I’ll forgo the numerous by-ways along my journey except for one — studying with the novelist and scholar John Gardner, author of the now-classic Grendel, among other masterful works. You can read more about this time on my website blog, The Way of the Writer. In the early ‘80s Gardner was an international literary star who, nonetheless, was dedicated to teaching young writers. Like that nun at my former college, he was no shirker when it came to assigning and critiquing student work. A short story — or novel — was either “there” or it wasn’t. But unlike that diligent nun, Gardner didn’t red-ink our manuscripts; there’d be just the occasional penciled comment. Often, it was, simply, “Dig deeper.” Yet from time to time, he’d hand one of us a single-spaced letter detailing what he sensed we were trying to get at, in a particular story — or novel — and where it became blurred, incomprehensible, or puffed with distracting showy language. Flaws that would only serve to disrupt “the vivid and continuous dream” in a reader’s mind.

In 1982 John Gardner died in a motorcycle accident on a fine September morning in

rural Susquehanna County, Pennsylvania. He had been on his way to SUNY-Binghamton, the saddlebags of his Harley filled with student manuscripts. In the face of this tragedy — he was only 49 — the only thing I could think of to do was keep writing. Several years later, my first book The Importance of High Places: Stories and a Novella was accepted. One of its stories is from that time. The others were written, as were all of my subsequent books, with John Gardner in mind as the imagined first reader. My latest novel, In the Fall They Leave, is dedicated to his memory.

Briefly, In the Fall They Leave is about a student nurse during WWI in German-occupied Brussels who finds herself in a moral quandary as well as dangerous waters: Either break her pledge as a nurse by obeying the new laws of the occupiers, thereby betraying her matron but securing a successful career, or help her law-breaking matron save Allies, thereby risking death by firing squad for treason. At its heart, the novel is about moral courage — the difficulties and costs but also the rewards.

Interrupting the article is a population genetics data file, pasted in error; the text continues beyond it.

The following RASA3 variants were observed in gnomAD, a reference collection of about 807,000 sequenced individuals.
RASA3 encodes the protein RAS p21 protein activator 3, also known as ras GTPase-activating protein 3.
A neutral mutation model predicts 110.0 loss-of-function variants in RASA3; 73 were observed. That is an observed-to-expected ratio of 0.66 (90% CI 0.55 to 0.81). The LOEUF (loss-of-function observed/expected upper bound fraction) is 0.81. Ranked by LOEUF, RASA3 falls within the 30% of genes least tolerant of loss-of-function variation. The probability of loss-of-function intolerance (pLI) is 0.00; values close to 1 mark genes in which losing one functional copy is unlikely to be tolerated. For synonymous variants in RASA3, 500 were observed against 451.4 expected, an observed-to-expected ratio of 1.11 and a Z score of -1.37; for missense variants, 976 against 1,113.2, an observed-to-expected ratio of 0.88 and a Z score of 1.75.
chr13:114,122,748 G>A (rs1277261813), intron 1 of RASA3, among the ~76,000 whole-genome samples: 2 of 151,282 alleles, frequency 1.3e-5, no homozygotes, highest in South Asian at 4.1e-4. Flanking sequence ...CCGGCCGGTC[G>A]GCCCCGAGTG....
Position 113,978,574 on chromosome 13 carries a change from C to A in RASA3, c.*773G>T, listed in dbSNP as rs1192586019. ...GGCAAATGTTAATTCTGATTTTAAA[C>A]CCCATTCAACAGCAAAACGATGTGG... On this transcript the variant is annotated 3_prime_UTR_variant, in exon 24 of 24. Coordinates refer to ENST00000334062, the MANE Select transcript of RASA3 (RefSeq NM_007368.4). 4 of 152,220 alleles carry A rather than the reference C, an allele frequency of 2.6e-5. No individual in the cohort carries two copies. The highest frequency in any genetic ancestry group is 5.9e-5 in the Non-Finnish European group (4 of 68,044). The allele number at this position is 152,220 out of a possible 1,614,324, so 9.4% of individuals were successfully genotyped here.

Although In the Fall They Leave is a historical novel, I don’t see myself, solely, as a

historical novelist. Ideas can and do come from the past and the present. Something read or seen or overheard or even experienced creates a compulsion to explore, imaginatively, a potential drama. Then the idea owns me, and I become its servant, striving to give it the best form I’m capable of creating. With the new novel, the imaginative spark was a chanced-upon feature article about the heroic British nurse Edith Cavell and her clandestine efforts at a Brussels clinic to save Allies and smuggle them out of the country during the early years of WWI. The matron of my novel is modeled on this courageous historical figure.

My advice for aspiring writers? Read. Have a high bar. And when you begin writing, be patient. A lot of good things will happen in the rewriting. Just keep going until you’re “there.”

About the Author

Joanna Higgins is a National Endowment for the Arts recipient whose work has been included in The Best American Short Stories series. She's written six novels, her latest, In The Fall They Leave, published by Regal House Publishing, is set for release on Feb. 21, 2023.

There will be a book signing for In The Fall They Leave at 2:30 p.m. Sunday, Feb. 26 at Buffalo Street Books in Ithaca.

Preorder your copy here. Learn more about the author at